New “Skull Island: Reign of Kong” details and surprises spilled by Universal Creative

in Movies, Movies & TV, Theme Parks

At Universal Orlando Resort’s rapid-fire media day yesterday, I had the opportunity to participate in an awesome Skull Island: Reign of Kong Q&A with Mike West, Executive Producer for Universal Creative.

For those who don’t know, the massive ride opened very recently at Universal Orlando’s Islands of Adventure theme park. The attraction itself is an extension of a very cool “tunnel sequence” at Universal Studios Hollywood where King Kong puts the smackdown on some dinosaurs. Now, here in Orlando, the experience is not only larger-than-life, it has been extended into a full ride complete with a giant “animated figure” (it was suggested that we not call them “animatronics”) of the giant gorilla himself!

Here are some of my personal favorite highlights from the Q&A:

Everything HAD to be massive

When I asked West what the biggest trial was in bringing this attraction to life, without hesitation, he said it was the scale. From the get-go, the mission with Skull Island: Reign of Kong was to create and simulate the grandeur of the fictional island itself. From the temple outside of the ride, to the giant swinging doors that actually work, to the ride vehicles, to a massive to-scale version of Kong — everything needed to be larger than life. It’s part of that “wow” moment when one happens upon the ride during their stroll around Islands of Adventure.

The additional screens and rooms complete the story

Let’s be honest: this ride wouldn’t be nearly as exciting if we didn’t have that attractive build up where we see the 8th Wonder crew being torn to shreds by the indigenous wildlife. It helps us understand the danger that surrounds us, and the acceptance that Kong may not be the most fearsome predator on the island. Telling that story was one of the most important mission that West and his team set out to fulfill. Oh, and he likes to call the queue (designed by Halloween Horror Nights rockstar Michael Aiello and his team) the “first part of the story.”

The queue’s claustrophobic moments are completely intentional

When West was describing the queue for the ride, he brought up some interesting points on the layout: There are some sections that are wide-open, and then you immediately go into a thinner corridor (where menacing scareactors lie in wait), and then things open up again. That was done with the intent of creating a sort of “pulse” throughout the line, like a heartbeat. Psychologically, it’s meant to rack up tension.

Universal Creative had no problems bringing scareactors into the queue

Initially, there was a lot of controversy surrounding Universal Creative’s choice to bring terrifying, living natives into the queue to scare the tar out of people waiting in line. Angry mothers petitioned against it, worried that their children would be scared to death — basically the Internet was being “the Internet” about a thing. Luckily, West said that they had no qualms or conflicts bringing this section of the queue to the public. With the highly celebrated Halloween Horror Nights terrifying guests year after year, the team challenged themselves to bring that kind of experience to a different kind of attraction.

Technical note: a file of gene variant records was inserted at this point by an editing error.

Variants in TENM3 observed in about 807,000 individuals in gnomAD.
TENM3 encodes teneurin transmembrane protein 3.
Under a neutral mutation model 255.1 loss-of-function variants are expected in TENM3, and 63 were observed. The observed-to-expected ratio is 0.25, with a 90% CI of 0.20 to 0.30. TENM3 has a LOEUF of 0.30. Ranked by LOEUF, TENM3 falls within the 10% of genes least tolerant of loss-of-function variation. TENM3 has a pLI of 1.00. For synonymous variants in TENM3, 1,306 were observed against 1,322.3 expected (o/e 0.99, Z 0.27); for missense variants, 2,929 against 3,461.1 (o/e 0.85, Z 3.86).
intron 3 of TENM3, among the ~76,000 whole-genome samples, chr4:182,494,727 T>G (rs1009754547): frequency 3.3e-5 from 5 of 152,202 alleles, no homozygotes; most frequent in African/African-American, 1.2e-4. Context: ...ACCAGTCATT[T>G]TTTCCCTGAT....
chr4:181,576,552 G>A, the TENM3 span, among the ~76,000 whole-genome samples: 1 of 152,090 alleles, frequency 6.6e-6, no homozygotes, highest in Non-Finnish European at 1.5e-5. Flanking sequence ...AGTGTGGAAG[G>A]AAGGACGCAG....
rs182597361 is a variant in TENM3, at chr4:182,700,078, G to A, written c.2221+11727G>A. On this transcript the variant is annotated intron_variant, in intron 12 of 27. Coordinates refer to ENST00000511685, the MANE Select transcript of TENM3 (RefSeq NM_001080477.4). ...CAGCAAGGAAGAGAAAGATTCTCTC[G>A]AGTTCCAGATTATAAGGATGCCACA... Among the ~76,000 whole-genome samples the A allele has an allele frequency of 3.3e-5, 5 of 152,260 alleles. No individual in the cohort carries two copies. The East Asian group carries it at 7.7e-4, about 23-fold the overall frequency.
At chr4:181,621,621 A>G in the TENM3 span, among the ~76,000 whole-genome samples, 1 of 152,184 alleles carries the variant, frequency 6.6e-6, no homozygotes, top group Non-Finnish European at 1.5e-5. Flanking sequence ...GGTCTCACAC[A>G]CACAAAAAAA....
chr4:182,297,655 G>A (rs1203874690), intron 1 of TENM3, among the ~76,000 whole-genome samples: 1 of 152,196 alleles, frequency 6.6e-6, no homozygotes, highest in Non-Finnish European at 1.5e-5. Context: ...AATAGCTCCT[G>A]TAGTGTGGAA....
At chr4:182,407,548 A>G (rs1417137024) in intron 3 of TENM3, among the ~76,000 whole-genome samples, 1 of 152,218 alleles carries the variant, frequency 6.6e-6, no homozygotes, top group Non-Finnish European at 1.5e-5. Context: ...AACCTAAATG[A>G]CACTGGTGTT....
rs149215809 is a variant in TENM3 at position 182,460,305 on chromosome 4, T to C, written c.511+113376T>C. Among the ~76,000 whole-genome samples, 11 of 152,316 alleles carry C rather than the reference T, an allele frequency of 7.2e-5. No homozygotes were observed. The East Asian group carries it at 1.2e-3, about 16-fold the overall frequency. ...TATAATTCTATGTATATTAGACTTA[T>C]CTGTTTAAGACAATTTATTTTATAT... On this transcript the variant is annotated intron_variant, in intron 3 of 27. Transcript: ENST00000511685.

The trackless ride system was a “story-based” decision

After experiencing the immersion of the dark and creepy queue, the folks at Universal Creative didn’t want guests to get to the loading area, see a track below the ride car, and immediately become disillusioned or disconnected from the experience. They wanted to make sure that, when you climb aboard that Expedition Vehicle that there’s “nothing in front of you, but adventure.”

It took 18 months to construct the giant Kong animated figure

The most alluring point of the ride is actually at the very end when guests come face-to-face with a three-story-tall giant gorilla. If you are sitting on the right side of the ride car, you will only be a few feet away from King Kong himself, and it truly is a spectacle. When asked, West said that his team spent 18 full months creating this goliath, and the result is quite breathtaking.

Easter Egg: One of the vehicle drivers is actually the nephew of Jack Black’s character, Carl Denham!

There are five trucks currently running around the island, All with different guest narrators. But one of those narrators has a direct tie in to the actual events of the movie “King Kong.” Now, in my last ride through, I heard our driver called himself a very familiar name: Will Denham. I immediately recognized that last name being that of Jack Black’s character from the 2005 Peter Jackson film (and all other iterations of the tale) “Carl Denham”. When asked, West confirmed that Will is indeed the nephew of the character who brings Kong to New York some years later. Apparently, after exploring the island, he tipped off his uncle to the wonders that the island beholds. So the important thing to take away here is, Skull Island: Reign of Kong is an actual, official prequel to the events of “King Kong”. How cool is that?!

So that’s it! It seems like Universal Creative not only had a blast bringing the world of Skull Island to life, but did so to great success. The ride is open now at Islands of Adventure, and it truly must be seen to be believed. Feel free to check out our video of the full Q&A below, and stick with Inside the Magic for all things Universal Orlando!

in Movies, Movies & TV, Theme Parks

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